From the above, it is evident that the determination of a storage path is independent of typical image identifiers (e.g., account name, roll, date received). It follows, therefore, that related digital images (e.g., same account name, same roll, same date received) will have unrelated storage paths. For example, digital images from the same roll generally will have storage paths corresponding to different image storage servers 2412, different directories, and different subdirectories. As such, the failure of one storage facility should have very little impact on the service of a particular subscriber. Furthermore, in the unlikely event that the storage location of a particular image is hacked, the decoded location of one image will give no indication of the storage location of any other related images. Consequently, the overall security of the image service is improved.

After the storage path is identified (step 540), the digital image is stored at the identified storage path (step 545). In general, the host system 20 stores a digital image at the identified storage path. In one implementation, the host system 20 includes an image write server 2414 that receives a digital image from a film handler 242 and stores the digital image in a particular image storage server 2412 at the identified storage path. Because the storage location is derived from a unique hash value, the storage location will be unique to that particular digital image.

Storing the digital image may include generating and storing lower resolution thumbnails. In general, the host system 20 generates the lower resolution thumbnails. In one implementation, the host system 20 includes an image write server 2414 that uses a thumbnail function that creates thumbnails by ripping lower resolution images directly from a digital image in the directory in which it was stored. The thumbnail function may rip and return a 96×64 pixel thumbnail or 160×107 pixel thumbnail, for example. The thumbnails will be named for the passed in ID and the resolution. Therefore, the lower resolution thumbnails may be stored in the exact same path as the path of the original.

After the digital image has been stored (step 545), a second storage facility is identified for storing metadata describing the digital image (step 550). In one implementation, the host system 20 includes a film handler 242 configured to identify an appropriate image farm database 2404 separate from the image storage server system 2410. Identifying an appropriate storage space may include determining a storage space group containing the appropriate image farm database 2404 from account information associated with the stored digital image. For example, the account name (e.g., screen name) associated with a subscriber may be encoded using a proprietary OSP hashing code. In one implementation, the film handler 242 applies the same proprietary hashing code to the subscriber's screen name as described above and is mapped by the distribution server 2402 to the appropriate storage space group, i.e., bucket, containing the image farm database 2404.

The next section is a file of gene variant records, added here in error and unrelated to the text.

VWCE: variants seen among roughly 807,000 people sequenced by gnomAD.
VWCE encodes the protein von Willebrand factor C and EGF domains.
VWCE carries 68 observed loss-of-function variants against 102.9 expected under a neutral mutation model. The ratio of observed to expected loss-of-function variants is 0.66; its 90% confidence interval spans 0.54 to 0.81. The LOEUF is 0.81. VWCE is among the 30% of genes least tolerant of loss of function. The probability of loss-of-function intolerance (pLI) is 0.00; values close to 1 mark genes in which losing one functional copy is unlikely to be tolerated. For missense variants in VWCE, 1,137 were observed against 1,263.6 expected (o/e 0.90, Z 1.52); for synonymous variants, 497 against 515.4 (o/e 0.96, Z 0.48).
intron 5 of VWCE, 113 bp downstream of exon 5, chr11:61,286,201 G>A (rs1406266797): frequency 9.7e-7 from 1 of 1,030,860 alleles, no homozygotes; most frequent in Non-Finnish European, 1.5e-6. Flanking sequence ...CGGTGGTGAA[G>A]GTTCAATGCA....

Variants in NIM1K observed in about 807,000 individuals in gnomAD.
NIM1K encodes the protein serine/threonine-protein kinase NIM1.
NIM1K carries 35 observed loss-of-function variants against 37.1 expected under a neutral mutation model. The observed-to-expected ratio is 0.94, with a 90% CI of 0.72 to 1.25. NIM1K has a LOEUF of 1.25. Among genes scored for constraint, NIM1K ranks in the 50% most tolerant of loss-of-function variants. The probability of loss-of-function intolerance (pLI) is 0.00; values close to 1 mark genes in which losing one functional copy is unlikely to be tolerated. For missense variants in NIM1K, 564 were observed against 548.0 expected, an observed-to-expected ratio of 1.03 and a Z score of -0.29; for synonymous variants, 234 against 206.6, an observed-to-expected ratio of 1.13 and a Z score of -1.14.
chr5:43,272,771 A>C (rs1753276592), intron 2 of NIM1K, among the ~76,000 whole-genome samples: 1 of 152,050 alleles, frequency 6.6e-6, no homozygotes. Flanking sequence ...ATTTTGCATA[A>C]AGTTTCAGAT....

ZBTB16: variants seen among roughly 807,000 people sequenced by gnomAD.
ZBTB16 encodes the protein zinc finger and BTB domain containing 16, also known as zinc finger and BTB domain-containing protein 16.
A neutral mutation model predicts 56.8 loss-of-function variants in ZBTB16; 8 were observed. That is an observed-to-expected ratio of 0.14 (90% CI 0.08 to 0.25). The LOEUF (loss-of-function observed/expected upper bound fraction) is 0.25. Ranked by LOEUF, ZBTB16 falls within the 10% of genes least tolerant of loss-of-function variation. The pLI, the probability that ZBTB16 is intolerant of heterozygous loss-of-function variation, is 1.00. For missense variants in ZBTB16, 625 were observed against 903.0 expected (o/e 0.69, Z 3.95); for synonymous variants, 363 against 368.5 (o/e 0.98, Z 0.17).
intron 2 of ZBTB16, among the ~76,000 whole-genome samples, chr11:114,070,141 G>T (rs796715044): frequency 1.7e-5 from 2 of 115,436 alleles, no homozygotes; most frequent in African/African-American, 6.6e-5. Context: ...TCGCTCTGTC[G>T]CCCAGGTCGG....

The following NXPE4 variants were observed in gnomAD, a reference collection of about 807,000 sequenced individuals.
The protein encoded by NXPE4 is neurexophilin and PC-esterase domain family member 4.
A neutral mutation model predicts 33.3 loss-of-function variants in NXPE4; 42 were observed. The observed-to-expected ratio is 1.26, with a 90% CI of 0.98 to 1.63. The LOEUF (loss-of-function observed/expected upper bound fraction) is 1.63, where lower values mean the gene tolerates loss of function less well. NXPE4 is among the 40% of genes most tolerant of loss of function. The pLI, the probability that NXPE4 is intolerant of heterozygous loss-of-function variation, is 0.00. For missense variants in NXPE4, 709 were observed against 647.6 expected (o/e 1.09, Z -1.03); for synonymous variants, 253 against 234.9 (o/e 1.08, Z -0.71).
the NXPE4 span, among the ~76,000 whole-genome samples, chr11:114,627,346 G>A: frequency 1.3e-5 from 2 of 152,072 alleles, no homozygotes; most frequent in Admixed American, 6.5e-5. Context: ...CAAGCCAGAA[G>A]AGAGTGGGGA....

Then, metadata describing a digital image is stored in the second storage facility (step 555). In general, the host system 20 stores the metadata describing a digital image. In one implementation, the host system 20 includes bucketed image farm databases 2404 including film and image tables 2406 and account tables 2408 for storing metadata. The image farm databases 2404 and tables are separate from the image storage server system 2410, but generally contain metadata describing and pointing to the digital images stored in the image storage server system.

Storing metadata may include storing the first and second image identifiers in appropriate film and image tables 2406 (e.g., film reference table 2406 a, film table 2406 b, image reference table 2406 c, image table 2406 d). As described above, the stored first and second image identifiers may be used to identify a unique filename and storage location of a digital image stored in the image storage server system 2410. Storing metadata also may include automatically creating new records, generating certain metadata (e.g., unique film identifier, copyright attribute) and storing the metadata in appropriate film and image tables 2406. For example, the film handler 242 or a stored procedure in the film and image tables 2406 may be used to generate a unique film identifier. Storing metadata also may include updating account information stored in account tables 2408. For example, when a new digital image is stored, the film handler 242 may update the subscriber's number of rolls counter or number of albums counter in the account table 2408 a.

Finally, access to digital images and metadata describing the digital images is provided (step 560). In general, the host system 20 provides access to digital images and metadata to subscribers and/or other elements within the host system 20, such as the account manager 244 and the monitoring system 246, for example. In one implementation, the image farm databases 2404 are in communication with and capable of providing information (e.g., path information) to various elements of the OSP host complex 230 of FIG. 2 including the account manager 244.